In my mind I felt that far-out tree limb I had grabbed onto begin to splinter. In reality, I felt my grip on my screaming daughter’s swaddled body tighten, and in a brief moment of clarity I knew exactly what was about to happen if that limb broke; if I didn’t put her back in her chair, immediately. I was about to shake my baby. I saw her head in my mind snapping back and forth on her tiny neck. Of all the horrific images that had paraded themselves across my frontal lobe since the minute we left the hospital, this image scared me the most—because it was real. It could actually happen. I could actually shake and potentially kill my child. I put her back in her chair before that limb gave way completely. I think I scared the shit out of myself. I was a child and family social worker with a background in child development. I knew all too well what happened when parents shook their babies, and I knew that at that very moment, I was definitely not in my right mind. I was too high up in that tree, too far out on that limb, and I needed to climb back down as fast as I could. I may have been in the middle of a complete mental breakdown, but I knew that regardless of the thoughts I was having, I could not hurt my daughter. I stared at her, still screaming in her chair, still hungry, and walked past her into the farthest corner of the kitchen. I leaned into that corner, slid to the floor, screamed at the top of my lungs, and pulled at my hair, tears flowing uncontrollably from both of us. I cried and screamed and cursed God for what felt like an hour. I felt so ill-equipped for this so-called gift he had given me. Everyone had always told me I was going to be such a good mother, and I had always seen myself with four or five children, but here I was faced with one and I couldn’t even handle our first day alone. I was terrified. I was devastated. I felt lost and alone and truly out of my element, as well as my mind. I didn’t know a single person who had ever experienced postpartum depression, and the only things I’d ever seen about it was in Lifetime movies where white women killed their babies in bathtubs. This wasn’t a Black woman thing. This wasn’t a Puerto Rican woman thing. And if it was, we sure didn’t talk about it—ever. Not to each other at least. I had managed to climb down out of the tree, but there was no one to tell about how high up I’d gone or what I’d seen. 


From Ain’t That A Mother by Adiba Nelson. Used with the permission of the publisher, Blackstone Publishing. Copyright ©2022 by Adiba Nelson.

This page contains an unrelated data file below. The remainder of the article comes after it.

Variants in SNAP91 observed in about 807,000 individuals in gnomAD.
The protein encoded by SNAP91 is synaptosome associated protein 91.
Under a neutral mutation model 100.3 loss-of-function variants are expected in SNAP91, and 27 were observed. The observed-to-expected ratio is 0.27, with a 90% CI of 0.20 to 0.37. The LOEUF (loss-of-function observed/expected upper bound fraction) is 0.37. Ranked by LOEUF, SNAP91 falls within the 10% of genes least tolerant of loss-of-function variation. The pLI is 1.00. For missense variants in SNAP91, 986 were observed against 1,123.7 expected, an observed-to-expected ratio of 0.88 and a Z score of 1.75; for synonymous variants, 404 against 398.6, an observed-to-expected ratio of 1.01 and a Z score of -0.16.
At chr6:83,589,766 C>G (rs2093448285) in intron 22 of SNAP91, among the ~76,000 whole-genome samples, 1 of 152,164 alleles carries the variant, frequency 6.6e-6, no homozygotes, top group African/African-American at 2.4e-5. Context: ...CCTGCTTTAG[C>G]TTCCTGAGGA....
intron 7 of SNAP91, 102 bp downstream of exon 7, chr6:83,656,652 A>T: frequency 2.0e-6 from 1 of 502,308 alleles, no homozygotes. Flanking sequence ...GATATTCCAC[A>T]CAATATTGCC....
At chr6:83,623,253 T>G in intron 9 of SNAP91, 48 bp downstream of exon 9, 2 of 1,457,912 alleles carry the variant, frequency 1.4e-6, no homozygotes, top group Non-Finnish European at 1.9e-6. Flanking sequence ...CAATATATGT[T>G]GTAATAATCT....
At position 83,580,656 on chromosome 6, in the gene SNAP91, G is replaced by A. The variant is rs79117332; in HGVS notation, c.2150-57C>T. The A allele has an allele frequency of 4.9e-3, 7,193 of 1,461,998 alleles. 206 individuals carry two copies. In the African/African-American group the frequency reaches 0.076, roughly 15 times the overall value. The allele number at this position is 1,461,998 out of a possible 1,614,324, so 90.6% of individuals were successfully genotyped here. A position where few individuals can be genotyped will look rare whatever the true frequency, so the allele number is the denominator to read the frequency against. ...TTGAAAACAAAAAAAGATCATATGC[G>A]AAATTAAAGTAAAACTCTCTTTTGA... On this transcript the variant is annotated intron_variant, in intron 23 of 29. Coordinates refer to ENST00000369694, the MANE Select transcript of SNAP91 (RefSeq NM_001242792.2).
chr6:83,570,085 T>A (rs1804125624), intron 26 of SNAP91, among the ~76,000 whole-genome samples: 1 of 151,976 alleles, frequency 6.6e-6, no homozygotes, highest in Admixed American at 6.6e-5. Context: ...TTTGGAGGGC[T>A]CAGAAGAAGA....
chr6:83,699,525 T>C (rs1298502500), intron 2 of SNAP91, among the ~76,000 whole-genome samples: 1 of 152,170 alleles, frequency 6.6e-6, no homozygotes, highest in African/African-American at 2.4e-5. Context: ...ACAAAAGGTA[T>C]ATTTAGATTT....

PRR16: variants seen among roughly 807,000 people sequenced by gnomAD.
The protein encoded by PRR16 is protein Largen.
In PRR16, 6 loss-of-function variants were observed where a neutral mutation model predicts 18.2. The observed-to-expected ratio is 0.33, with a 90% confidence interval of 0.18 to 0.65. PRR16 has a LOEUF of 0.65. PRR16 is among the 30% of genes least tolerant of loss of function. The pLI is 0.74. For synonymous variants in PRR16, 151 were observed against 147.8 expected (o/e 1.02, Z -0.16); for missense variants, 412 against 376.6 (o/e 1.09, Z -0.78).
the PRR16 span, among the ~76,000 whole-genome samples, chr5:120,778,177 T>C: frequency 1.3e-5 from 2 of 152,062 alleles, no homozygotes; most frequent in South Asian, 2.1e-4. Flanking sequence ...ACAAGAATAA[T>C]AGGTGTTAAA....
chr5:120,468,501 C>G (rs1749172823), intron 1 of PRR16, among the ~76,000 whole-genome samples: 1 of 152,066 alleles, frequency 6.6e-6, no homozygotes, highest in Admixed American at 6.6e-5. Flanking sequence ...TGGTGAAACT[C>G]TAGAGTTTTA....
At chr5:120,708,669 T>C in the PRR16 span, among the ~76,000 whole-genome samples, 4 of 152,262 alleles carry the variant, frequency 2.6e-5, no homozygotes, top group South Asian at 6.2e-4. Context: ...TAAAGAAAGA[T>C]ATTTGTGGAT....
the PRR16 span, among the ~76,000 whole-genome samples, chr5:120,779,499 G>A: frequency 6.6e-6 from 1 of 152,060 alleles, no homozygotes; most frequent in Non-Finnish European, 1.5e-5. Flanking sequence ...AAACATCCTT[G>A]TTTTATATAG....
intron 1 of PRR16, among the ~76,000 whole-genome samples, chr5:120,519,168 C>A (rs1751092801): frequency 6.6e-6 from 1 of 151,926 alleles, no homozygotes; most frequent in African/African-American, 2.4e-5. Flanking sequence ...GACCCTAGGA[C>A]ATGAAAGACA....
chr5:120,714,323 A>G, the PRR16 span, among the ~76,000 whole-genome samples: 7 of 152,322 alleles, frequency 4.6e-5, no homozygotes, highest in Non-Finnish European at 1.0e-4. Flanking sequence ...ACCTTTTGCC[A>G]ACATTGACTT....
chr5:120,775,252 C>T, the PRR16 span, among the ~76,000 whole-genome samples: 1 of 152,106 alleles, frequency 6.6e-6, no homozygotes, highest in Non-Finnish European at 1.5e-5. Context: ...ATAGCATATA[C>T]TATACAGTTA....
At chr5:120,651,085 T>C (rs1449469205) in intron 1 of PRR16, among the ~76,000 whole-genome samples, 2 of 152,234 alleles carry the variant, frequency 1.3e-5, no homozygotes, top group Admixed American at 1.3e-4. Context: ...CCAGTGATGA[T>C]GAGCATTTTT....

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Nikesha Elise Williams | Mama’s Writing

Mama’s Writing is Raising Mothers’ monthly interview series, curated by Deesha Philyaw.


What’s the best motherhood advice you’ve ever gotten?

The best motherhood advice I’ve gotten is from my own mom who said, “You need to reduce your stress because your baby feels everything that you feel.” She said this to me after I had my son and while I was pregnant with my daughter. While I can’t always reduce my stress, I try to remain cognizant of how I’m feeling so that when I’m interacting with [my kids] and responding to them or their behavior, it is not from a place of my own stress, which may lead me to snap. I don’t always succeed, but I try.  

How has motherhood shaped your priorities?

I’ve had to reinvent my life. Before having children I wanted this big New York, news [producer] life. My husband hates the North so it was still very far-fetched, but after having my son, I realized that I didn’t want to go back to work in news at all, let alone move all over the country to try to get to the number one market. It was also during my maternity leave with my son that I finished my first novel. That time to write brought me back to a dream I kept to myself in college about being able to wake up and work from home writing. 

It took some years, but I was able to make it happen, to be present for my son (because I hadn’t been, as a producer) and to see where this writing thing would lead. And then I got pregnant with my daughter while I was still trying to build a writing career. 

At [their current ages of] six and four months, I do my best to put my children first. All of my writing work must take place while my son is in school. However, with a baby at home, she’s kind of like, “Nah,” when it comes to what I think my plans are. On those days when she demands my attention, I remember Toni Morrison’s quote about writing on the edges of the day and leave whatever I have to do until then, whether that’s from 9 p.m. to 1 a.m. after they’ve gone to bed, or from 5 a.m. to 6:30 a.m. before they wake. 

I also include them in my work. Whether that’s breastfeeding while typing, checking homework at a book event, or letting them both play in my home studio while I’m editing a podcast. I try to make sure their wants and needs are first, but [I] also show them that [even though] they’re first, I haven’t forgotten about myself. I think that’s important for both of them to see.